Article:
- HMOs are bound to confidentiality under the Fair Credit Reporting Act.
- HMOs cannot engage in rebating—that is, give anything of significant value as an inducement to enroll individuals in their plans.
Required Services by HMOs
HMOs are required by law to provide certain services to their enrollees. These include inpatient care, outpatient care, preventive care, and emergency care. In the case of emergency care, HMOs must have adequate facilities to provide 24-hour emergency care seven days per week within the service area. They also must pay for emergency care outside the service area until the patient can be transferred. HMOs may provide other services, such as dental, vision, nursing home care, home health care, and any other benefits that they deem appropriate for their enrollees. These additional services are at the option of the HMO.
The following general provisions apply to HMOs but are state-specific and may vary from state to state. These provisions are included in the enrollee’s certificate of coverage:
- Out-of-network services—Referrals must be available to enrollees when necessary services are not available within the network.
- Schedule of services—This must be provided in the enrollee’s certificate of coverage.
- Emergency services—Enrollees must be informed of how and where to get emergency services. The certificate of coverage must outline the enrollee’s responsibilities when obtaining emergency care both inside and outside the service area.
- Service area—The enrollee must be provided with a map of the service area covered by his or her HMO. The map must include all primary and emergency sites.
- Primary care physicians (PCPs)—Each enrollee must be allowed to select his or her own PCP. The PCP’s role is to coordinate and direct members’ health care treatment. Based on this role, the PCP is sometimes known as a “gatekeeper.” This term refers to the PCP controlling members’ access to most specialists. By controlling members’ access to specialists, HMOs limit the use of health care facilities and thereby reduce health care costs.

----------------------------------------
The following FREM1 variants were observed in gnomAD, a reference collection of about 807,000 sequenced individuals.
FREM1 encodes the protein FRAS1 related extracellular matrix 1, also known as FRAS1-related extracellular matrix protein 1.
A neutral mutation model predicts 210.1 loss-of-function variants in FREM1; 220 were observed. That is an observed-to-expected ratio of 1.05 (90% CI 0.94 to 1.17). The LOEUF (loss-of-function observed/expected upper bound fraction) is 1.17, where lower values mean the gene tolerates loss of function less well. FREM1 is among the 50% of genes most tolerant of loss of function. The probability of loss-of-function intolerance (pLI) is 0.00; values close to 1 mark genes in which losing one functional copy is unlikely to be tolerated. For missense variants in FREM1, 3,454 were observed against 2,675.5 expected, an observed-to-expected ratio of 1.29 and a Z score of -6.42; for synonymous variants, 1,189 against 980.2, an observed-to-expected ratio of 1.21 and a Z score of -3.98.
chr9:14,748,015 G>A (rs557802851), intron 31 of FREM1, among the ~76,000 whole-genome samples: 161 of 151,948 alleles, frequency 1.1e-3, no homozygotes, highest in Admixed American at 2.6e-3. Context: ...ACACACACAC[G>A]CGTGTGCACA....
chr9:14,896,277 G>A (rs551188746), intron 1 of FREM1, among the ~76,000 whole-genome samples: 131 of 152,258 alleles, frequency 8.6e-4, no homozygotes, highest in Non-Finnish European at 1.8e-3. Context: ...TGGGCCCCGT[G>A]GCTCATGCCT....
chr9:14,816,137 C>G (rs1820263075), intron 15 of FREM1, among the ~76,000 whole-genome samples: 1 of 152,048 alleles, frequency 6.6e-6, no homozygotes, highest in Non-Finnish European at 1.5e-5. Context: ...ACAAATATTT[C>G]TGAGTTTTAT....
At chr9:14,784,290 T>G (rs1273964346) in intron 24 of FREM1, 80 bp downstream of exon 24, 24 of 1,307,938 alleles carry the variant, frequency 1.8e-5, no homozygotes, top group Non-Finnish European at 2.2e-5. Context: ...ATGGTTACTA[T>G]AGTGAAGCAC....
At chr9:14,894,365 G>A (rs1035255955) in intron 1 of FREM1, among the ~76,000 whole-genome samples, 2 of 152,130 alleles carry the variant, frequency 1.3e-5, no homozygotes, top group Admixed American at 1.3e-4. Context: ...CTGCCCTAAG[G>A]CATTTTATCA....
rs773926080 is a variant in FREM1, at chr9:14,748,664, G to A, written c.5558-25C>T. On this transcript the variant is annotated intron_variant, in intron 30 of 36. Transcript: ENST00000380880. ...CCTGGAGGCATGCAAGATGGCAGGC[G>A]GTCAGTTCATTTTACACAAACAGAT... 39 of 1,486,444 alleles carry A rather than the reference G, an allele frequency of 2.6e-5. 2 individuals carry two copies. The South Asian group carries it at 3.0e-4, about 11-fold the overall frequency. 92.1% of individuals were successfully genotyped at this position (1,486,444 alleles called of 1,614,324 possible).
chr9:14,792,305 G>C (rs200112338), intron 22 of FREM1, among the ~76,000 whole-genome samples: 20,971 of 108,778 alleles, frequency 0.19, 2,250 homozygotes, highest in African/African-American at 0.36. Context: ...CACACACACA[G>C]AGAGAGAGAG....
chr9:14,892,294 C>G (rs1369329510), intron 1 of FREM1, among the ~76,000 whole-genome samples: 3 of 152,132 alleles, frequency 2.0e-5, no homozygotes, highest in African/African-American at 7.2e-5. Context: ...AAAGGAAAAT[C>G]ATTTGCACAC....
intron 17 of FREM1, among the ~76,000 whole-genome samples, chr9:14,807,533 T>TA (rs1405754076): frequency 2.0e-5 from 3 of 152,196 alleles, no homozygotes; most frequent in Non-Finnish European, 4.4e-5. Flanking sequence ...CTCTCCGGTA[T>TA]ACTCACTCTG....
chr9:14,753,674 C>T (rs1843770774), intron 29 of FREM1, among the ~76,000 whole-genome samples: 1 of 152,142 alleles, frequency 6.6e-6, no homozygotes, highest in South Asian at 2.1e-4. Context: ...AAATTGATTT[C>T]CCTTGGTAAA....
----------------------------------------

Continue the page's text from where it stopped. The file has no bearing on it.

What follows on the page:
- Referral physicians—Specialists must be made available for referrals if the required services cannot be performed by the HMO.
Affordable Care Act
Signed into law in 2010, the Affordable Care Act (ACA) had as its stated objective to decrease the number of uninsured Americans and reduce the overall cost of medical care. It provides a variety of mandates, subsidies, and tax credits to employers and individuals to increase overall participation in the program. The ACA also imposes tax penalties for noncompliance. Keep in mind that the ACA applies to medical expense insurance. It does not apply to other forms of health insurance, such as disability income policies and long-term care insurance policies. While its effects are far-reaching, the principal coverage changes brought about by the law included the following:
- Pre-existing condition exclusions are prohibited for health insurance plans other than grandfathered individual health insurance policies.
- Annual and lifetime benefit limits applicable to essential health benefits are prohibited, except with respect to grandfathered individual health insurance policies. However, insurers can still impose annual and lifetime limits on benefits for health care services that are not considered essential health benefits.
- Insurers can rescind contracts only for fraud or intentional misstatement of a material fact, and an insurer’s right to rescind coverage is not limited to the contestable period.
- Patient protections were added when non-grandfathered coverage is provided under a network of health care providers, requiring such plans to:
- permit the designation of any participating primary care provider who is available to accept the individual
- permit the designation of a pediatrician as the primary care provider if the provider participates in the network and is available to accept the child
- eliminate the need for prior authorization or referral for a female to obtain OB/GYN care from an in-network health care professional specializing in obstetrical and gynecological care
- Emergency services requirements were added to eliminate the need for a patient to obtain prior authorization and to prohibit an insurer from imposing additional requirements or benefit limitations on out-of-network service, or impose emergency services cost-sharing exceeding certain limits.
- Insurers are prohibited from denying coverage to children under the age of 19.
- An individual mandate requires all Americans to obtain minimum essential health insurance coverage (whether through a group plan, individual plan, or government plan), with tax penalties for failing to do so.
- Dependent children (married or unmarried) must be covered under a parent’s group medical plan to age 26 (however, the spouse and child of an eligible dependent child do not have to be covered under the parent’s plan).
- Federal subsidies and Medicaid expansion have been added for low-income individuals and families.
- Minimum standards for health insurance policies have been established.
Arguably, the biggest change the ACA brought about was the creation and implementation of health insurance exchanges: single access portals in every state through which individuals and their families, as well as small businesses and their employees, can compare, select, and purchase federally compliant health plans and, if they qualify, receive federal financial assistance to help pay for their coverage.